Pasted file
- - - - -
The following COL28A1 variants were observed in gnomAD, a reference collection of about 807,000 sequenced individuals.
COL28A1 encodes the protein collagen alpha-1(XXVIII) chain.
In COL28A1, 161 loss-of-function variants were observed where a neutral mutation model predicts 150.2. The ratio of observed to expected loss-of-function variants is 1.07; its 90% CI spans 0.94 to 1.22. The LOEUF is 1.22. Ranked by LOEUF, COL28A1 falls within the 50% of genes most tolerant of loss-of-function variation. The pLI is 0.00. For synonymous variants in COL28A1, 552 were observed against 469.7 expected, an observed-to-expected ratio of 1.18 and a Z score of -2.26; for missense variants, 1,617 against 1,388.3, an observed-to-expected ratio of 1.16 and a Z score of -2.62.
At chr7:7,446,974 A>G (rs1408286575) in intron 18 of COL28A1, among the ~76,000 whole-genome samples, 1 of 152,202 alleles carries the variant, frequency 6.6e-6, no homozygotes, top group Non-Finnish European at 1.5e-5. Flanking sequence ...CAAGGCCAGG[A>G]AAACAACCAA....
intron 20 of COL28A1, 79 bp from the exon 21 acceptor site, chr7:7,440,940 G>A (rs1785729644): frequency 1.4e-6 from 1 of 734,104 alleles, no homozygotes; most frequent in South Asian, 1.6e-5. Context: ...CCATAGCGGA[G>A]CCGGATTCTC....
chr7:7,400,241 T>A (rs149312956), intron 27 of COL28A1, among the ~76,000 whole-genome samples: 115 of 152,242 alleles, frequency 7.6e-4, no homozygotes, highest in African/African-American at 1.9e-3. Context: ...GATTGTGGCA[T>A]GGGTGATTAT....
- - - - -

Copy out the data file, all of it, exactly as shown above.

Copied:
The following COL28A1 variants were observed in gnomAD, a reference collection of about 807,000 sequenced individuals.
COL28A1 encodes the protein collagen alpha-1(XXVIII) chain.
In COL28A1, 161 loss-of-function variants were observed where a neutral mutation model predicts 150.2. The ratio of observed to expected loss-of-function variants is 1.07; its 90% CI spans 0.94 to 1.22. The LOEUF is 1.22. Ranked by LOEUF, COL28A1 falls within the 50% of genes most tolerant of loss-of-function variation. The pLI is 0.00. For synonymous variants in COL28A1, 552 were observed against 469.7 expected, an observed-to-expected ratio of 1.18 and a Z score of -2.26; for missense variants, 1,617 against 1,388.3, an observed-to-expected ratio of 1.16 and a Z score of -2.62.
At chr7:7,446,974 A>G (rs1408286575) in intron 18 of COL28A1, among the ~76,000 whole-genome samples, 1 of 152,202 alleles carries the variant, frequency 6.6e-6, no homozygotes, top group Non-Finnish European at 1.5e-5. Flanking sequence ...CAAGGCCAGG[A>G]AAACAACCAA....
intron 20 of COL28A1, 79 bp from the exon 21 acceptor site, chr7:7,440,940 G>A (rs1785729644): frequency 1.4e-6 from 1 of 734,104 alleles, no homozygotes; most frequent in South Asian, 1.6e-5. Context: ...CCATAGCGGA[G>A]CCGGATTCTC....
chr7:7,400,241 T>A (rs149312956), intron 27 of COL28A1, among the ~76,000 whole-genome samples: 115 of 152,242 alleles, frequency 7.6e-4, no homozygotes, highest in African/African-American at 1.9e-3. Context: ...GATTGTGGCA[T>A]GGGTGATTAT....